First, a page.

What is Medical Billing and Coding?

Are you considering becoming a medical billing and coding specialist but want to know more about the profession? Careers in healthcare offer excellent stability, have great advancement potential, and provide rewarding professional challenges that help you grow. Countless clinical and non-clinical professionals contribute to patient care and the ongoing success of the healthcare system. You can too!

Medical billing and coding is a career for individuals interested in helping patients but do not want a hands-on patient care role. Are motivated problem solvers who thrives in dynamic environments that demand focus and attention? If so, then becoming a medical billing and coding specialist may be the right career path for you.

The administrative side of healthcare requires an understanding of clinical principles and business practices. This dual knowledge makes you an indispensable team member because you must reconcile patient care with the reimbursement cycle. Medical billing and coding is a multifunctional discipline with quality assurance, invoice creation, and collaborative duties.

What are a Medical Billing and Coding Specialists’ Core Roles?

To work as a medical billing and coding specialist, you must learn multiple tasks. While the profession is evolving and your employer will want you to complete ongoing training, the fundamental principles and skills are consistent. Your position may focus on a narrow set of tasks as part of a larger team that handles medical claims, or you may be a generalist, working on each claim from start to finish.

Typically, a hospital system or large medical facility divides work and expect medical billers and coders to specialize. Smaller clinics or doctor’s offices may have you handle chart review, coding, claim submission, and collections solely on your own.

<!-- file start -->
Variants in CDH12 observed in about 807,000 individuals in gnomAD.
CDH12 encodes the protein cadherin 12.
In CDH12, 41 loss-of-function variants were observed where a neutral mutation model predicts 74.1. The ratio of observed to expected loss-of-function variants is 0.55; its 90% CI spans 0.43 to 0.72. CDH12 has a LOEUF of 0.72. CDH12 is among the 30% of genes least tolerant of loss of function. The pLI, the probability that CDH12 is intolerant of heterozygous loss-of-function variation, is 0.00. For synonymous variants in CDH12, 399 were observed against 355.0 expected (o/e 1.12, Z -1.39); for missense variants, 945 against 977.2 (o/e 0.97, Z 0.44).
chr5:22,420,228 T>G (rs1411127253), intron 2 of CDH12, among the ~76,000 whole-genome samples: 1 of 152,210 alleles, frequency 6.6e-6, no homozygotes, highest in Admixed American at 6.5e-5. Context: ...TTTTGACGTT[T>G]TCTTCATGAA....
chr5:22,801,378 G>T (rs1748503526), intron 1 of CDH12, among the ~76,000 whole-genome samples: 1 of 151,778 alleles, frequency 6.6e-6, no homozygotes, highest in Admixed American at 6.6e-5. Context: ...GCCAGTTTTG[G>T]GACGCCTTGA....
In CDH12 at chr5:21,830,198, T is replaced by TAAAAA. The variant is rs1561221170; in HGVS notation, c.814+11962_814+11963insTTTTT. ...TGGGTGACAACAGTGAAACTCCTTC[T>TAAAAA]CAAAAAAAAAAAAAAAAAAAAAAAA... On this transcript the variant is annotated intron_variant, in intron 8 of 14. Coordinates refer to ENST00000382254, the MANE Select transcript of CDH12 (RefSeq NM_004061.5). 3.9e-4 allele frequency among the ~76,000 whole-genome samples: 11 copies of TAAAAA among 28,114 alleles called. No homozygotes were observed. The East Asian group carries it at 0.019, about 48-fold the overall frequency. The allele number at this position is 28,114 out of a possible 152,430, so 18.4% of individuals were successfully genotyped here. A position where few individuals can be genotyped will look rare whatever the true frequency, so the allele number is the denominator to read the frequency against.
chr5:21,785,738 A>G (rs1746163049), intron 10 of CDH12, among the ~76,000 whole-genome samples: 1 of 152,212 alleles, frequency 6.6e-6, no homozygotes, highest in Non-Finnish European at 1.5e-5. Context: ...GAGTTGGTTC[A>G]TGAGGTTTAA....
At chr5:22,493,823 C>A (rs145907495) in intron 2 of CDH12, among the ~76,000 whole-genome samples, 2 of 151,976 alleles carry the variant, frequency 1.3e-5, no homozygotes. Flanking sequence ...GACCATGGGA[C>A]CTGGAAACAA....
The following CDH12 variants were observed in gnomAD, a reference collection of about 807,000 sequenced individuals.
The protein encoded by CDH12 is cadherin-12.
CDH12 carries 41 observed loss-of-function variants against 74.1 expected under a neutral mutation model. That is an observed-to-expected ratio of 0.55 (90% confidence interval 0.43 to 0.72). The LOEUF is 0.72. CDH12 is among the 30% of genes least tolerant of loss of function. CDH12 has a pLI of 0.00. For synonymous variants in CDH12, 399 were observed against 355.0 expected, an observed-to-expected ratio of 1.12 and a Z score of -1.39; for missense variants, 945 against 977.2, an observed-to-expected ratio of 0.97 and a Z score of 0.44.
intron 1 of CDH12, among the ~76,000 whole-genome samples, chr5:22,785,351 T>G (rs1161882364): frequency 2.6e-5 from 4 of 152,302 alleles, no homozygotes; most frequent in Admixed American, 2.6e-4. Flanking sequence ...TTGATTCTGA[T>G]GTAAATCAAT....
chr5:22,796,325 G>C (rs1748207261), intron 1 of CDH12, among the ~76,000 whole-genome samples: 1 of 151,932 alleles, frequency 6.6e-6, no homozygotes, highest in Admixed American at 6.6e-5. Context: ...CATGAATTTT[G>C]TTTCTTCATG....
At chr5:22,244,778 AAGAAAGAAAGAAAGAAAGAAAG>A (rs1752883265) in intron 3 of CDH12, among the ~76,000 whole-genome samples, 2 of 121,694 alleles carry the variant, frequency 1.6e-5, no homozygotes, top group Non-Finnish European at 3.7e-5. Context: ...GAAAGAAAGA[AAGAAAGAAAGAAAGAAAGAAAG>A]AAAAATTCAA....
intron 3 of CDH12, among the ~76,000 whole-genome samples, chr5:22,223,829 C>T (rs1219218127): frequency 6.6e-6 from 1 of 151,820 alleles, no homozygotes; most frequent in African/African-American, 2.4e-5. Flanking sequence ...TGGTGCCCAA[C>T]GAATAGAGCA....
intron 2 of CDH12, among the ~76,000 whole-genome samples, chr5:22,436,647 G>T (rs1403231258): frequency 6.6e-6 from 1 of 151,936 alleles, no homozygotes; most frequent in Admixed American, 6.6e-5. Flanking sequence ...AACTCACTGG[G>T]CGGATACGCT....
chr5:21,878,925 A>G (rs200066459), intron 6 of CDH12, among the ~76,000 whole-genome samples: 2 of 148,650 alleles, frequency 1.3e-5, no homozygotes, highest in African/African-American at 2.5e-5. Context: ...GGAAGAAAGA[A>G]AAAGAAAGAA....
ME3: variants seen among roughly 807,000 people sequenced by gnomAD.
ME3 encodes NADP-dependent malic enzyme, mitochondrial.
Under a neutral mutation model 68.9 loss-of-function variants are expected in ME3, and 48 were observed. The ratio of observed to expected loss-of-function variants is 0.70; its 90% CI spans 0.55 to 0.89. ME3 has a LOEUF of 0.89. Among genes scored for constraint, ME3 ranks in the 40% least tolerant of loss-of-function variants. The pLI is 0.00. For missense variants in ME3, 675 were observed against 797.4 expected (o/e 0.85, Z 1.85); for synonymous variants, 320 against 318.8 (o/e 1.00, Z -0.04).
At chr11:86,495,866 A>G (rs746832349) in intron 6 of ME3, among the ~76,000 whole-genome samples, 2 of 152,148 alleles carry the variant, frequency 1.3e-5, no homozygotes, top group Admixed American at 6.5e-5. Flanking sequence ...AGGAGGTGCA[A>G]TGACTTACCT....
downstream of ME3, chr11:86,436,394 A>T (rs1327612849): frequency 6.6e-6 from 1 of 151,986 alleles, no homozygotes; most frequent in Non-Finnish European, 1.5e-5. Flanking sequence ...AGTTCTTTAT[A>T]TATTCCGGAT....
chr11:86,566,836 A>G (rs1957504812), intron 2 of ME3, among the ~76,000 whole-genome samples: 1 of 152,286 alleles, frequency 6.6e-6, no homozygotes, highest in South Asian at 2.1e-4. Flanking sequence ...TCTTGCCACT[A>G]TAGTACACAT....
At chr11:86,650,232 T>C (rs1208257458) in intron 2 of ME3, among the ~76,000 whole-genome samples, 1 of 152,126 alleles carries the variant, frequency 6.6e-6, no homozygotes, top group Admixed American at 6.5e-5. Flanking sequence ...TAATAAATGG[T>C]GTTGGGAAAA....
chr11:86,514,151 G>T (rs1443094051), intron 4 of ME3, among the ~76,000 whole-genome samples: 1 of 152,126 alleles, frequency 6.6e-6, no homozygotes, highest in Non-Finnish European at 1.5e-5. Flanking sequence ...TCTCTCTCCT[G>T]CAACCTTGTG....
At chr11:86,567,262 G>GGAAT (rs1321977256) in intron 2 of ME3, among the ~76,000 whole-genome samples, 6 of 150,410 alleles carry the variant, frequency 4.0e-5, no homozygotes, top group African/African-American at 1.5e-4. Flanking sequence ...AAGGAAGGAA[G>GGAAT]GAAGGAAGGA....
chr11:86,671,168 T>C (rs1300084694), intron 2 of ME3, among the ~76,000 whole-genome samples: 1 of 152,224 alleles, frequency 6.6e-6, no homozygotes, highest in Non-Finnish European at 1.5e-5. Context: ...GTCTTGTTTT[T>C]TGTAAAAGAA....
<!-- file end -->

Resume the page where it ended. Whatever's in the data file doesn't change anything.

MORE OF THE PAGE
The versatility to find the type of role and size of employer you want is one of the career’s many advantages. As you grow into your position, you may determine whether a specific skill appeals to you or whether you enjoy the diversity of operating as a generalist. There are ample opportunities for medical billing and coding specialists regardless of their preference. Remaining flexible will also maximize your career opportunities.

Medical Billing Basics

Your medical billing tasks will be guided by industry-wide bill generation and submission standards and practices. The standard rule is “if it’s not documented, it didn’t happen.” Each day, you will review medical records, including chart notes, narrative reports, and diagnostic imaging summaries, to determine what happened during an appointment.

You’ll then assess which diagnoses and services must be coded and submitted to insurers for payment. You’ll issue bills on standardized forms that conform to regulations and insurers’ internal policies.

ICD-10, CPT, and HCPCS

Federal law stipulates that all bills are submitted in a uniform way using a standardized coding language. Each day you’ll read clinical information compiled by doctors and nurses and distill that data into billable codes that tell insurance companies what happened during an appointment.

You’ll use the International Statistical Classification of Diseases and Related Health Problems (ICD-10), Current Procedure Terminology (CPT-4), and Healthcare Common Procedure Coding System (HCPCS). These systems are precise and detailed because accuracy is vital to safe and successful treatment. You’ll need to understand anatomy and physiology terminology so you can create bills that comprehensively document the appointment or procedure.

Advanced Clinical Coding

Medical treatment involves comprehensive physical exams, collections of detailed patient histories, diagnostic testing, interventions, and simple to complex procedures. Medical coders compile this data, confirming accuracy and completeness, and then translate it into the ICD-10 system.

You need an advanced understanding of physiology and pathophysiology to understand the full spectrum of disorders, illnesses, and chronic issues affecting patients. Medical coding requires you to leverage a formal education to research clinical information because it’s impossible to prepare for every scenario. You’ll also need to understand illnesses well enough to collaborate with clinical staff to obtain amendments to incomplete records and get clarification on your questions.